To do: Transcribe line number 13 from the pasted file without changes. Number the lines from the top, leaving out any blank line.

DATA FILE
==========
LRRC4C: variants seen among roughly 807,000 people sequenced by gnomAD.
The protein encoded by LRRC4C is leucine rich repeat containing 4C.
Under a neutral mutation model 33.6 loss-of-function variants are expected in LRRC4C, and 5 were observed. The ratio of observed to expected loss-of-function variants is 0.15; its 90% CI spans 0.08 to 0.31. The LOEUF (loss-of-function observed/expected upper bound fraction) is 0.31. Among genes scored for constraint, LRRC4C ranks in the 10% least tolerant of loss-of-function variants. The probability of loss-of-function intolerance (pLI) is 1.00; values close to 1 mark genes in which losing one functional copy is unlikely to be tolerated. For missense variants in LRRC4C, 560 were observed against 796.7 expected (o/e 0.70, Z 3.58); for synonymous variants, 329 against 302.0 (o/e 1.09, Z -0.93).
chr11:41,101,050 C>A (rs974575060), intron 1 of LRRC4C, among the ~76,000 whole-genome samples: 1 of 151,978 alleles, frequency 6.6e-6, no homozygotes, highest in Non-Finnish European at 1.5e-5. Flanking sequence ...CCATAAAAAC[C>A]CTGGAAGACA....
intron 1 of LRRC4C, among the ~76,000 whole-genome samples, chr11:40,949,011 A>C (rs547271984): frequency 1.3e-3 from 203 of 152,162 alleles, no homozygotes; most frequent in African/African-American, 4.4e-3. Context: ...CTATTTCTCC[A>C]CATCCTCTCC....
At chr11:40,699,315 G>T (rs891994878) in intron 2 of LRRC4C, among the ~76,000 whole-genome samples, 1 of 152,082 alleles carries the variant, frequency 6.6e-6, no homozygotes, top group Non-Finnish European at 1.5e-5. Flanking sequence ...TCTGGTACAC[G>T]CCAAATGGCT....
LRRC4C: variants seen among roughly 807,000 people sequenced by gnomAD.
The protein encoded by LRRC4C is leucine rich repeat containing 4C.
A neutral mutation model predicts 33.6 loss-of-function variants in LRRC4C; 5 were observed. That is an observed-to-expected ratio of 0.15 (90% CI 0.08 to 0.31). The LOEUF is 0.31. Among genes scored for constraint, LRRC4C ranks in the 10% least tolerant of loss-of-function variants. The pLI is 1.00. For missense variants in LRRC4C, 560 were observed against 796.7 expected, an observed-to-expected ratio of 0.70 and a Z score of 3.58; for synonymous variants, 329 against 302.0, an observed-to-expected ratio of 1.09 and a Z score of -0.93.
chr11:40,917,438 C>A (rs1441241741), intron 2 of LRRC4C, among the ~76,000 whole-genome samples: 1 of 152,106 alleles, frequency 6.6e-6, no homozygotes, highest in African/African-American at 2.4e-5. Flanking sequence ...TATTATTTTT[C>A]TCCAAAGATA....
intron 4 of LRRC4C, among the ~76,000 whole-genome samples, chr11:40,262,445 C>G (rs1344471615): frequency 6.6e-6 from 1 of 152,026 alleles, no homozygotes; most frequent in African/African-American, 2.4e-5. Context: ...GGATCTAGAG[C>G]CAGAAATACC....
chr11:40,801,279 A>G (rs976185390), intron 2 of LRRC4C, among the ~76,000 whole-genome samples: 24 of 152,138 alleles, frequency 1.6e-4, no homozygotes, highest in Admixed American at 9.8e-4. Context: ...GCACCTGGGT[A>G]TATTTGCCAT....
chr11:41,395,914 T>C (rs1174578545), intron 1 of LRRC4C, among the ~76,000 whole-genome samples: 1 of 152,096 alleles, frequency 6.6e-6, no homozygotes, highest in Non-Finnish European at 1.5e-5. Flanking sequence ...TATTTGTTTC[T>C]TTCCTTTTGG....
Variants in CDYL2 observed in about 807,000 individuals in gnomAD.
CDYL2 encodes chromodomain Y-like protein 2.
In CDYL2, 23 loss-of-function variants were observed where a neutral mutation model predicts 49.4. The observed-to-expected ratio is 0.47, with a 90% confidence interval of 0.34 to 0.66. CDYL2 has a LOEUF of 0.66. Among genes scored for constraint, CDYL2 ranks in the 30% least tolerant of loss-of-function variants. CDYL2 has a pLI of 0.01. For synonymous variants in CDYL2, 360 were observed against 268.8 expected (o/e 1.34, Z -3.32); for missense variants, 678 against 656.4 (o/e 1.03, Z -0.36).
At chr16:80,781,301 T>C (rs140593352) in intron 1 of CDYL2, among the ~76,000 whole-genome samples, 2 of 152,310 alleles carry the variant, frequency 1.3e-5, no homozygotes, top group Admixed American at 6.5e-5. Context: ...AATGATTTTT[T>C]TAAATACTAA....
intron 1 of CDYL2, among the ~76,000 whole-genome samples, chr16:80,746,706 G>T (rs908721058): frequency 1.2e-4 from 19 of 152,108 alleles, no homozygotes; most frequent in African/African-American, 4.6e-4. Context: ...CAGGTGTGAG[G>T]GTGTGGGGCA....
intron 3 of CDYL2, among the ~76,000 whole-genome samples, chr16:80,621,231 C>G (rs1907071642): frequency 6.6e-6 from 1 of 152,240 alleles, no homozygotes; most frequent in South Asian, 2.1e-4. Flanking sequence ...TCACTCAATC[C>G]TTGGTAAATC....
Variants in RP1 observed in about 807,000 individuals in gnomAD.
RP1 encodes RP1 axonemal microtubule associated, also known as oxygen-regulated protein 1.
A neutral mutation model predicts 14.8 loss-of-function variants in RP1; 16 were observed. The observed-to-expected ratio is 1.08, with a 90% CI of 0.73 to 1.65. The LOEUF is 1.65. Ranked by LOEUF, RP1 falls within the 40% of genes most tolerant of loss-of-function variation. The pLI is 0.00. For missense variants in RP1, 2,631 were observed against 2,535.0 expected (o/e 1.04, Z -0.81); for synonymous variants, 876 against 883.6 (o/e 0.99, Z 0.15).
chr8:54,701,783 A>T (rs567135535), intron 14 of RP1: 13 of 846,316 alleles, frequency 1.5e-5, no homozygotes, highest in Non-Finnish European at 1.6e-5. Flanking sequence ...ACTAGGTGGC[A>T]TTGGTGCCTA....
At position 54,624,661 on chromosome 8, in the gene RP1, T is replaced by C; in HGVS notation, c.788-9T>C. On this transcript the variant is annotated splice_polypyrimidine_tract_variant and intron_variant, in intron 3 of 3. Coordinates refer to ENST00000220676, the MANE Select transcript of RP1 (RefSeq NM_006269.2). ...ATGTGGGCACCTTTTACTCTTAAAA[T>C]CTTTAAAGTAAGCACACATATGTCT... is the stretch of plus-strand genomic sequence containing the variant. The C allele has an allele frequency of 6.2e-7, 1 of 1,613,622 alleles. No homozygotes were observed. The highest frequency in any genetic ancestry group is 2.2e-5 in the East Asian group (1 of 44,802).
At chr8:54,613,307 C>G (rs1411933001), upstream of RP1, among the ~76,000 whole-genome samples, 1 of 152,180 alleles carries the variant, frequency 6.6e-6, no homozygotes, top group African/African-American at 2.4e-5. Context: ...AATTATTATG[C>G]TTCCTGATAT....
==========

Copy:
chr11:41,395,914 T>C (rs1174578545), intron 1 of LRRC4C, among the ~76,000 whole-genome samples: 1 of 152,096 alleles, frequency 6.6e-6, no homozygotes, highest in Non-Finnish European at 1.5e-5. Flanking sequence ...TATTTGTTTC[T>C]TTCCTTTTGG....